Social media helps seniors stay connected

social media
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Social media complements face-to-face interactions for residents

Lonely or socially isolated?

social isolation
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Social isolation does not mean mom is lonely: Caregiver SOS

The two terms are not interchangeable, but it is important to find out why senior doesn’t want to leave the house.

Loneliness study reminds us to call home

loneliness studyHalf a million older people spend every day alone, poll shows

Scale of loneliness among over-60s revealed as Age UK develops scheme to provide support and companionship

Haroon Siddique

January 6, 2017

“Half a million people over the age of 60 usually spend each day alone, with no interaction with others, and nearly half a million more commonly do not see or speak to anyone for five or six days a week, a poll suggests.

Age UK, which commissioned the research, said the results highlighted a growing number of chronically lonely older people, which was placing increasing demand on health services.

The charity has been running a pilot programme in eight areas where Age UK groups have been actively trying to identify lonely older people and offer them companionship.

Caroline Abrahams, Age UK’s charity director, said: ‘This new analysis shows that about a million older people in our country are profoundly alone, many of whom are likely to be enduring the pain and suffering of loneliness.'”

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Billy Graham, 98, offers hope to the grieving and lonely

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Are you experiencing grief or loneliness during this holiday season?  The article below and Billy Graham’s advice may offer some hope.  Click on the Bowling Green Daily News link to see the original column and Graham’s three suggestions for dealing with the “overwhelmed with sorrow” feeling during the holidays.

Billy Graham says death is not the end for terminally ill Christians

by Jardine Malado, The Christian Times

December 28, 2016

“Famed evangelist Billy Graham encouraged terminally ill Christians not to give up on life and look at their situation from God’s point of view so that they may realize that death is not the end for them.

In his advice column in the Bowling Green Daily News on Dec. 20, a terminally-ill woman told Graham that the doctors have predicted that this year’s Christmas might be her last due to an inoperable tumor. She said that she is having a hard time trying to pretend like she’s enjoying the holidays.

‘How can anyone in my situation be cheerful at Christmas?’ the woman who is known only as Mrs. L.L asked.

Graham encouraged the woman to try to change her attitude and look at her own life from God’s point of view.

‘How does God see you? He sees you first of all as someone He deeply loves. You are not insignificant; you aren’t something for whom death is the end,’ the evangelist wrote.

‘Listen: God loves you! He loves you so much that 2,000 years ago He came into this world in the person of His Son, so you could have your sins forgiven and go to be with Him in Heaven forever,’ he continued.”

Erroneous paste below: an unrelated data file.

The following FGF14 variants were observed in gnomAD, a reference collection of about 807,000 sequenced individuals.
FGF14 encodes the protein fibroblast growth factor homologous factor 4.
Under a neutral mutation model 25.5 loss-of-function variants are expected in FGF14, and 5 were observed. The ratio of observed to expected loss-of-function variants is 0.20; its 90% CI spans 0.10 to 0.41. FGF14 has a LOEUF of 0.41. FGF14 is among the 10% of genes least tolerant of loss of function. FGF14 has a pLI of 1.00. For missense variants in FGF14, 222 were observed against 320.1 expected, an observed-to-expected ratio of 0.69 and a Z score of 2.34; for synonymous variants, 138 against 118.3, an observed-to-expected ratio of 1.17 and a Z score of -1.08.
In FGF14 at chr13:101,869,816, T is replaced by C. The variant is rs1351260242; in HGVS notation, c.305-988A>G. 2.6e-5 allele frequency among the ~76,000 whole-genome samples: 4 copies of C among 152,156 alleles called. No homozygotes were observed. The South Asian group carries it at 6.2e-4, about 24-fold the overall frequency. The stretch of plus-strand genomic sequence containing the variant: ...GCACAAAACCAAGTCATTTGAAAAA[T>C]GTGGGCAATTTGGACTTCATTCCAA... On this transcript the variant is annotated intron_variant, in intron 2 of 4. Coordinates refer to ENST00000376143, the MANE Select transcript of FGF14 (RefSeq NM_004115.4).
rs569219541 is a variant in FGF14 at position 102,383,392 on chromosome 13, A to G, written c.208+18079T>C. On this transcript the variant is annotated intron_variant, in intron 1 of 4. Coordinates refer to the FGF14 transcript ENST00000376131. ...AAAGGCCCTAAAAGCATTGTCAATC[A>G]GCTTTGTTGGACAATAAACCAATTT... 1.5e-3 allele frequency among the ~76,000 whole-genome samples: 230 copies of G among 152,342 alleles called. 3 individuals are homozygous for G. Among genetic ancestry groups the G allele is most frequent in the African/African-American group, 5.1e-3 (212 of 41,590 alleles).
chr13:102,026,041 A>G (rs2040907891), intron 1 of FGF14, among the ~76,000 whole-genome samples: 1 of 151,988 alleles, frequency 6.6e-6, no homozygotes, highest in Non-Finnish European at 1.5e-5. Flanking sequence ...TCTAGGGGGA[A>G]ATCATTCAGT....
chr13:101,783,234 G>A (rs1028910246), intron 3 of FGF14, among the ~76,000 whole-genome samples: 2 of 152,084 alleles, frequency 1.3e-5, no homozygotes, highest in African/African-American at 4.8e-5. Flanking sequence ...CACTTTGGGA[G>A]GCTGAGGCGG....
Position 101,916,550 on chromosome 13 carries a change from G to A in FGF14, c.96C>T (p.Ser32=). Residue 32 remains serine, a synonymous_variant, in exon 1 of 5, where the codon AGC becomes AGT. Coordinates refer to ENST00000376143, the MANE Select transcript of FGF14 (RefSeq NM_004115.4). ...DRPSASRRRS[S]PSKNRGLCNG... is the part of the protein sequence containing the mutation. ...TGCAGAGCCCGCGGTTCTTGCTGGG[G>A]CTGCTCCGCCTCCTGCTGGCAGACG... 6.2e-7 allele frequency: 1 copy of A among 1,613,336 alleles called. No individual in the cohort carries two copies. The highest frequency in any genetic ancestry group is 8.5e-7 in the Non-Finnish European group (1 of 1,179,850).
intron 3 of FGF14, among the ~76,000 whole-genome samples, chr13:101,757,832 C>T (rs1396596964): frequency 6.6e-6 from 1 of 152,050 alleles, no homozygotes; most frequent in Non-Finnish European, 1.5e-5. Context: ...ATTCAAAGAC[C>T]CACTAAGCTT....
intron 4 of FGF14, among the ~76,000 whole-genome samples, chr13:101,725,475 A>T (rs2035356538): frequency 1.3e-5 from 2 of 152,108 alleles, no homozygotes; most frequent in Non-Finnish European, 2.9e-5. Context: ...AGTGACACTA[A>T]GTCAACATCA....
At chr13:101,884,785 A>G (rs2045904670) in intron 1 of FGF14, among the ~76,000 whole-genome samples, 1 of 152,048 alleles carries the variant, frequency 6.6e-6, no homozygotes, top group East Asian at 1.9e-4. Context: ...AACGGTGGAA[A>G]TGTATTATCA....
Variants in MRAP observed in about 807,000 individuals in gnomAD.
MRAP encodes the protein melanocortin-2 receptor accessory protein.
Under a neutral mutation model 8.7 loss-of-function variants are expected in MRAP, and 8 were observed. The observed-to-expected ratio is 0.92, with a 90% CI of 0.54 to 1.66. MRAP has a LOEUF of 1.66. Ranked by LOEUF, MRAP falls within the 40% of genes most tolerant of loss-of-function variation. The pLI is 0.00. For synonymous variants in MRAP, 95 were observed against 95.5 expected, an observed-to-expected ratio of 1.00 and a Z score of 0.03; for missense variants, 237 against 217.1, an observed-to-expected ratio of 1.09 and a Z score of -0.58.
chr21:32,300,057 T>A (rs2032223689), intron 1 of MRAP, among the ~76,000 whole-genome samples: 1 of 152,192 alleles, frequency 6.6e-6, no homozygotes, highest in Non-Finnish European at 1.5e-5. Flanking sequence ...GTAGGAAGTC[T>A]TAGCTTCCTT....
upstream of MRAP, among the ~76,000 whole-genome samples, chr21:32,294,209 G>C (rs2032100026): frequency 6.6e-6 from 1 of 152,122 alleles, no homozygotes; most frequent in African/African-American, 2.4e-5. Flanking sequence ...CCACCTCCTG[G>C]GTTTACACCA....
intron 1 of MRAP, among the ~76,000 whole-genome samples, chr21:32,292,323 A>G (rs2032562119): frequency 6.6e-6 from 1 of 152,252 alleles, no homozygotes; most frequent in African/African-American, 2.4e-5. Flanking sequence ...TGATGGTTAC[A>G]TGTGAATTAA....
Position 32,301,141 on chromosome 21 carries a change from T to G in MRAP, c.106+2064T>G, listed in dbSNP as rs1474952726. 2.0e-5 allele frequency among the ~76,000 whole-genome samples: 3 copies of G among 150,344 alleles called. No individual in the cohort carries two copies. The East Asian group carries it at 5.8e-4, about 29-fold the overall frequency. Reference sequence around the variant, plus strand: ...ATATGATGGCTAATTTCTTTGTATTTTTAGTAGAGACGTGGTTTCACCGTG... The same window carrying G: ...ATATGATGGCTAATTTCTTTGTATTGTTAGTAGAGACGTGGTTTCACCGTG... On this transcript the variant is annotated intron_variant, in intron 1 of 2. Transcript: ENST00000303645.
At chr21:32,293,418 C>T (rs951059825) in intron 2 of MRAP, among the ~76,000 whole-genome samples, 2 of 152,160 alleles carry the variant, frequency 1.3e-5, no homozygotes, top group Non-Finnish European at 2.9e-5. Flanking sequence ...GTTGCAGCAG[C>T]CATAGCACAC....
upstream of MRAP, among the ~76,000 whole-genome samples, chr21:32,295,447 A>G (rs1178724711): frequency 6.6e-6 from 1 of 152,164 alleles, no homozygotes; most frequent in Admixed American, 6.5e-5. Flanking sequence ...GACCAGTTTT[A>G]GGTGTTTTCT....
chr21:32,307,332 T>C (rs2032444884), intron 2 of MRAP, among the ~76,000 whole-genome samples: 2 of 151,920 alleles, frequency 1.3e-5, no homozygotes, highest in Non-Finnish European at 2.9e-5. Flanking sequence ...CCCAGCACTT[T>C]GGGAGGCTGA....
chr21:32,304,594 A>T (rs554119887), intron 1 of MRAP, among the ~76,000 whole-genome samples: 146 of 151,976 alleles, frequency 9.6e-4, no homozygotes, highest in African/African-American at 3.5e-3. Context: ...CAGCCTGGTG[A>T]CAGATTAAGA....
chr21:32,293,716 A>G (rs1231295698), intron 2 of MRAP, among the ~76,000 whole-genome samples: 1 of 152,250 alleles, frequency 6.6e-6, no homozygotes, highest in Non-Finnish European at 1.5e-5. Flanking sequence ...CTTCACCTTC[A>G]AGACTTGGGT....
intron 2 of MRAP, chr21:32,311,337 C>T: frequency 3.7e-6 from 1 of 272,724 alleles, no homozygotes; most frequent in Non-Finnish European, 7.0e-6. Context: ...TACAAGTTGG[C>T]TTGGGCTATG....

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From the Center of Retirement Research…Senior housing

Image result for elderly loneliness images Senior Housing a Remedy for Loneliness?

by Kimberly Blanton, Squared Away Blog

August 25, 2016

“After his wife of 36 years died from cancer, Dick St. Lawrence experienced something new: loneliness.

‘Worst feeling in the world,’ St. Lawrence, 81, said about Linda St. Lawrence’s death in the winter of 2014.

Like many widows and widowers before him, he had to build a new life for himself, despite having the comfort of a large family of four living children, six grandchildren and seven great-grandchildren. His first small step was accepting an invitation to play poker at Shillman House, an independent housing community for seniors. The man who called to invite St. Lawrence knew a woman who used to play Mahjongg with Linda.

Next thing he knew, he’d sold their family home in Framingham, Mass., around the corner from Shillman House, and settled into one of its 150 apartments. Now he plays two poker games a week, works out at his old gym, and socializes with Shillman’s residents every evening in the dining room. At night, his Cairn terrier, Rusty, keeps him company during Red Sox games on television.

‘I want to visit as long as I can,’ Dick St. Lawrence jokes about his plan to spend his final days there.

The vast majority of baby boomers in an AARP survey said they want to age in their homes ‘as long as possible.’  But when the rubber meets the road – in old age – the elderly often learn that isolation is bad for their psyche and their health.

There are downsides even to living in a community for independent seniors, with the constant reminders of the vulnerabilities that come with aging. When a Shillman resident suddenly becomes ill and is driven away in an ambulance, dread quickly spreads among the residents that he or she might not be coming back.

Still, they say, the positives far outweigh the negatives. All in their 80s, the seniors interviewed have visibly slowed down but are still enjoying vigorous social lives.”

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